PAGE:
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MelodyVR strikes partnership with Microsoft – funding included


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Music-focused virtual reality startup MelodyVR has announced its latest partnership: with Microsoft.

The pair are describing it as a non-exclusive “global partnership and Windows Mixed Reality App Collaboration Agreement” that will see MelodyVR launch its app for mixed-reality headsets using Windows technology: Acer, ASUS, Dell, HP and Lenovo are among the hardware firms working on these devices.

“In addition, Microsoft will provide MelodyVR with funding and technical expertise to support the partnership,” explained the announcement from MelodyVR’s parent company EVR Holdings this morning. Microsoft will also use MelodyVR’s app in its marketing, from retail store demos to advertising campaigns.

“We view this agreement as providing recognition and validation from one of the world’s largest companies, of the quality and opportunity that MelodyVR represents for music fans, VR users and our shareholders alike,” said MelodyVR CEO Anthony Matchett in a statement.

 

“The VR/AR device market continues to develop at an exponential rate and with Microsoft entering the marketplace alongside other global technology companies such as Apple, Facebook, Google, HTC, Samsung and Sony, we remain extremely confident in the mainstream adoption of virtual reality technology as well as in the long-term success of our hardware-agnostic virtual reality music platform and original content strategy.”

The question now is when MelodyVR’s app will launch – both for Windows devices and other VR headsets. A closed-beta version launched at the end of 2016 for a small group of testers in Europe and the US, using Samsung’s Gear VR headset.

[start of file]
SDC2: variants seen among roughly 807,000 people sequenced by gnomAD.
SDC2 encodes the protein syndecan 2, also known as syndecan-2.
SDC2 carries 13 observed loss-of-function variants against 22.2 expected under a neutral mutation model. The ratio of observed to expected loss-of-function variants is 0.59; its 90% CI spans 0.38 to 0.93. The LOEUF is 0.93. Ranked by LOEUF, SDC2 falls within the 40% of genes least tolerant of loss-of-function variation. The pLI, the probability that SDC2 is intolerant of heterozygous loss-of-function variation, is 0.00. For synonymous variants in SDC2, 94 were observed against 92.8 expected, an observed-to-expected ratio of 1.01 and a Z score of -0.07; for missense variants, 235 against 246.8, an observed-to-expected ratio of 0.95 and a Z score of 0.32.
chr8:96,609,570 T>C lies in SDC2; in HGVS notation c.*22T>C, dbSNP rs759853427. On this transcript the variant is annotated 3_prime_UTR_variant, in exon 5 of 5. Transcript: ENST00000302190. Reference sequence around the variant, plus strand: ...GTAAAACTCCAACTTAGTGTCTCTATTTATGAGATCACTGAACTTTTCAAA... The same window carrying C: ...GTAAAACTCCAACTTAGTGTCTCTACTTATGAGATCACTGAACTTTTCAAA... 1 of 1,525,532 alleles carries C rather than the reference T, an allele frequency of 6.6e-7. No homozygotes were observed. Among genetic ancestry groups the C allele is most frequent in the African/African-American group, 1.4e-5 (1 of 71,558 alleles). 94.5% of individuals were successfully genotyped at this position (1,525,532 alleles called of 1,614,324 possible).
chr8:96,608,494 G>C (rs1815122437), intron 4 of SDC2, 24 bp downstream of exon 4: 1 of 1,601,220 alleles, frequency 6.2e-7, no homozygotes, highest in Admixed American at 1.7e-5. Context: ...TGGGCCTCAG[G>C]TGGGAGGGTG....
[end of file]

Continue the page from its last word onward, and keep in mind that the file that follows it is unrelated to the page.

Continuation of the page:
Since the closed beta started, MelodyVR has agreed a licensing deal with Universal Music Group – its second major deal following Warner Music in 2016 – and raised £5m of new funding by issuing new shares.

“The proceeds of our recent fundraise will be used to fuel the global expansion of our business, to reach more artists, more partners and in turn, more consumers,” said Matchett at the time of that funding.

“We’ll be investing further capital into our original content as we seek to grow our vast library of once-in-a-lifetime experiences. We’ll also be investing into additional resourcing and staff on a global basis.”

The MelodyVR app enables music fans to watch a range of live performances in 360 degrees, from different vantage points in venues. MelodyVR has been filming hundreds of performances to build up its catalogue ahead of its commercial launch.

In an appearance at the FastForward conference in February, MelodyVR’s COO Steven Hancock outlined the company’s planned business model: an a la carte operation like Apple’s iTunes Store, where fans might pay 99p to watch a single song, or up to £10 for a whole concert.

“We’ve been fortunate enough to work very closely with Facebook, Oculus, HTC, Google and Sony PlayStation, and today there’s a phenomenal appetite for people to pay for things in VR,” he said then, while admitting that there was also potential for charging by the hour rather than by the song, or using an all-you-can-eat subscription model.

Stuart Dredge

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